According to the newly released Pinterest 100 report, global searches for "social media detox" are up a whopping 314%.
January is often a time to reset and refocus. Many people start diets, begin exercise regimens and establish overall health goals. Others, choose to refrain from drinking alcohol throughout the month ("Dry January" is just the tip of the 'sober-curious' movement--but we'll save this eye-opening conversation starter for another day and a different post).
Still, while we're thinking about ways to cleanse our bodies, why not consider an idea to detox our minds, too?
It's fair to say that our phones have become veritable appendages--we instinctually reach for them like Pavlov's dogs at the "ding" of a notification. It's (mostly) great that modern technology and digital media have made it possible to be available at any time and from any where. And we (mainly) benefit from the convenience of being able to work and text and email and chat whether we're at home, at work, traveling, or out and about running errands. But what if we try to limit our phone usage to these essential home-life and work-related activities? How about we try actively avoiding social media?
Don't get me wrong--we love social media here at Momtrends. It's kind of what we do. Still, as moms and media mavens, we strive, individually and collectively, to have a healthy relationship with social media (and to teach our kids to do the same), and this very well may call for a short hiatus and a little detox.
A few weeks ago, I lost my phone. I waited a few days to see if it would turn up before shelling out the Insurance deductible, and in that time I realized I don't really need to check Instagram or Facebook every five minutes. It's just habit--and one that was taking me away from giving my full attention to anything else: my kids, my house, my husband, my work. It only took about 48 hours to notice that this unintentional hiatus was a blessing in disguise. Once I got a new phone ($300 dollars later), I made a goal to continue to be more purposive and less compulsive in my daily social media usage.
So where does one start? How to we detox from the less desirable side effects of this daily habit.
A little patience, grace, and a few simple behavioral changes can help.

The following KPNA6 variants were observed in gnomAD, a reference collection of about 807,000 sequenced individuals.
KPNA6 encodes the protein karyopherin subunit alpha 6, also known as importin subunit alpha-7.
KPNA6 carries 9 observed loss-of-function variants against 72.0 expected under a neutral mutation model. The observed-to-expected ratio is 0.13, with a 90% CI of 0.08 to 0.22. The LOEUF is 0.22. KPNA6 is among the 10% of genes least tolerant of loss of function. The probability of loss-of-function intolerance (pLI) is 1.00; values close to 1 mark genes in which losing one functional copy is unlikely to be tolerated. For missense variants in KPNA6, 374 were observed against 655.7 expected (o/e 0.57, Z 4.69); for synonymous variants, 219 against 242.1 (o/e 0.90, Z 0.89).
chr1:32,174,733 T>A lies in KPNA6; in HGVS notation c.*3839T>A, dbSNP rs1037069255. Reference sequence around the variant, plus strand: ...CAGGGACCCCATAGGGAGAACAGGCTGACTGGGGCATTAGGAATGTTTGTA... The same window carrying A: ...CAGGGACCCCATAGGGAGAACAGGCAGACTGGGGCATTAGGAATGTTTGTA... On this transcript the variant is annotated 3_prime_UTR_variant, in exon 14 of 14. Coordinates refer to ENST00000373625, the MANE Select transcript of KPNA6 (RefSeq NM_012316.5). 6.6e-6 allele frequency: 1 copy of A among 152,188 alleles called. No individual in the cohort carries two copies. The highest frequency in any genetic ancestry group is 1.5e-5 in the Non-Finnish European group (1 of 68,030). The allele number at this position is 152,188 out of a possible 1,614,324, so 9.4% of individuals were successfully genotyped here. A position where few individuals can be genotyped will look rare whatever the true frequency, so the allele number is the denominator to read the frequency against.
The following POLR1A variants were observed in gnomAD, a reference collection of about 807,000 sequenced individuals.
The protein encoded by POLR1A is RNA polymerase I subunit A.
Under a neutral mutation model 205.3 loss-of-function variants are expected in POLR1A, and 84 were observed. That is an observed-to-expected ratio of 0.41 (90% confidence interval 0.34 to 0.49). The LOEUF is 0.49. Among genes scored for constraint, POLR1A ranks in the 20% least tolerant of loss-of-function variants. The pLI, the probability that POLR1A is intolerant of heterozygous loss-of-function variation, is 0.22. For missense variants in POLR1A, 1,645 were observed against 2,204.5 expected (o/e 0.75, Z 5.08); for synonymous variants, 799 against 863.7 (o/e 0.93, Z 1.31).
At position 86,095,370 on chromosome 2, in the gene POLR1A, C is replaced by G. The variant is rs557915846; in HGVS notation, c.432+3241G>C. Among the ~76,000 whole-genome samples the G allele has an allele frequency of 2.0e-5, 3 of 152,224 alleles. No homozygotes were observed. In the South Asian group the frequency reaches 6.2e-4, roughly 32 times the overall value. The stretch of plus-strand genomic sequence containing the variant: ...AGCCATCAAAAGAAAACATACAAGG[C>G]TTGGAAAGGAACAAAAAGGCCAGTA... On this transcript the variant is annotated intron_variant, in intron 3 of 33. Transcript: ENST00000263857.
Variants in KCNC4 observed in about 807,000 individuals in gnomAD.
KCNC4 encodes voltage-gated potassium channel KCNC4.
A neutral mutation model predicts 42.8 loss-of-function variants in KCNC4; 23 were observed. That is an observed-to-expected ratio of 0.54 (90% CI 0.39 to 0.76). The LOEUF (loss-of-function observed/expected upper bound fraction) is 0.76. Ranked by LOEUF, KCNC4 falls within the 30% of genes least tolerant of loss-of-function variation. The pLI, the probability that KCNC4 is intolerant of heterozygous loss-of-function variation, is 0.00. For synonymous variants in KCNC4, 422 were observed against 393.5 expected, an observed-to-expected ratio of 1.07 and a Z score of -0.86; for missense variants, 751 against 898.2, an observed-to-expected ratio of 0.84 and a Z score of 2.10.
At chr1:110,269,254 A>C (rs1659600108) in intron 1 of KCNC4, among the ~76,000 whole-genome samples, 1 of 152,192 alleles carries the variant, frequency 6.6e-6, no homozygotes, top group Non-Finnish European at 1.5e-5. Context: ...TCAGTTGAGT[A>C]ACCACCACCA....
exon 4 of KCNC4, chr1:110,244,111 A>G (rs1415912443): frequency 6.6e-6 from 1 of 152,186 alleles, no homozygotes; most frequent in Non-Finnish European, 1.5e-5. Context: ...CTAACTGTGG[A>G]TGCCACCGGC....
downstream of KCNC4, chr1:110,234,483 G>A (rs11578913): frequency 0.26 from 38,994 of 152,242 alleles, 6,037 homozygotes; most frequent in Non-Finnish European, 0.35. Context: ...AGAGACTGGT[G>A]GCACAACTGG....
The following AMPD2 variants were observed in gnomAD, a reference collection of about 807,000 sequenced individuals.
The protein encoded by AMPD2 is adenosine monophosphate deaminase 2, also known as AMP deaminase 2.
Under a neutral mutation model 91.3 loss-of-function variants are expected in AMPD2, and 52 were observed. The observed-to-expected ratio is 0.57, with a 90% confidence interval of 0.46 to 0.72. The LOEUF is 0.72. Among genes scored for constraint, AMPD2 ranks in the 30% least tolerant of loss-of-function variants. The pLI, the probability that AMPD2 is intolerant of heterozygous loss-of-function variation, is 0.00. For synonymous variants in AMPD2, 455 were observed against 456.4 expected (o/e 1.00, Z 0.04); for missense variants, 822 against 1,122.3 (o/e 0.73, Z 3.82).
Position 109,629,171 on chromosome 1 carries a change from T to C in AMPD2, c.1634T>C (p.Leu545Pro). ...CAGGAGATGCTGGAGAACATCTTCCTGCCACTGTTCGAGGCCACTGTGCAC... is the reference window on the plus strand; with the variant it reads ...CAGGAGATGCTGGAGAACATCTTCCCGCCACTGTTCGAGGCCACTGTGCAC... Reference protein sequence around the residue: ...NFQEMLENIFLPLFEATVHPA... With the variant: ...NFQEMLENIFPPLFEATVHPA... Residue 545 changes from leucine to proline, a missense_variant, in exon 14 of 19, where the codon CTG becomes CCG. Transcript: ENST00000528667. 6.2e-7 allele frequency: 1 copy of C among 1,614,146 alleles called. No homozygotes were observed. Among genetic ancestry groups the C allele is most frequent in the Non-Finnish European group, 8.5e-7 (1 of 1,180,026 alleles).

1. Time Block Your Social Media Usage
Social media can be a time suck and a rabbit hole. Avoid the traps of mindless scrolling and be more purposeful with your time. One way to do this is to set specific times for social-media usage and interaction; outside of these hours, avoid temptation. This might seem challenging--and, at first, it was for me, but then I found that doing this helped me make the most of my social media interactions. I was enjoying my time more, and being able to give my full attention to other tasks was a happy bonus.
2. Avoid Your Cell Phone For an Hour in the Morning
I use my cell phone as an alarm; I probably check the hour three to five times a night (or at least every time my baby wakes to feed). It's within arm's reach, so naturally the first thing I used to do in the morning--before I would even sit upright--is grab my phone and start scrolling. I'd check my email and text messages, and then immediately hop on social media. Why? I have no answer other than pure habit.
I'd get irritated by a political post at 7 a.m. or frustrated by a "friend's" condescending comment before breakfast. What an unpleasant way to start the day.
Actively choose to not begin your morning with this type of negativity. Keep your phone off or in airplane mode. Have actual interactions with family members and friends in the morning instead. You just may find yourself in a better mood in the a.m. and beyond.
3. Turn Your Cell Phone Off an Hour Before Bed
Studies have shown that cell-pone usage before bed is tied to poorer quality sleep. The science behind this fact has a lot to do with lights and screens, but I would contest that social media plays a big part in this too.
I know that I've been guilty of staying up later than intended "unwinding" by scrolling my social media feeds. But there are better ways to decompress at the end of a long day; deep breathing and meditation, reading, and chatting with you partner are just a few tactics.
4. Be More Mindful With Your Social Media Usage
More followers, more posts, more pages, more platforms--more is not always more. Quality over quantity. Pare down your friends' list so you're seeing the people you actually want to see from in your feed. Don't feel compelled to over-share every idea and thought and article; social media doesn't have to be your personal soap box. I, personally, take a Marie Kondo approach to posting and ask myself, "will sharing this bring me joy?"
5. Use Private Photo-Sharing Tools
If you want to take a break from posting to your personal Instagram or Facebook, but like sharing pictures of you kids (or pets! or self!) with friends and loved ones, consider checking out a more private platform. Intimate photo sharing is a rising trend. The Pix-Star Snap app allows anyone to quickly and easily send pictures and videos between users.
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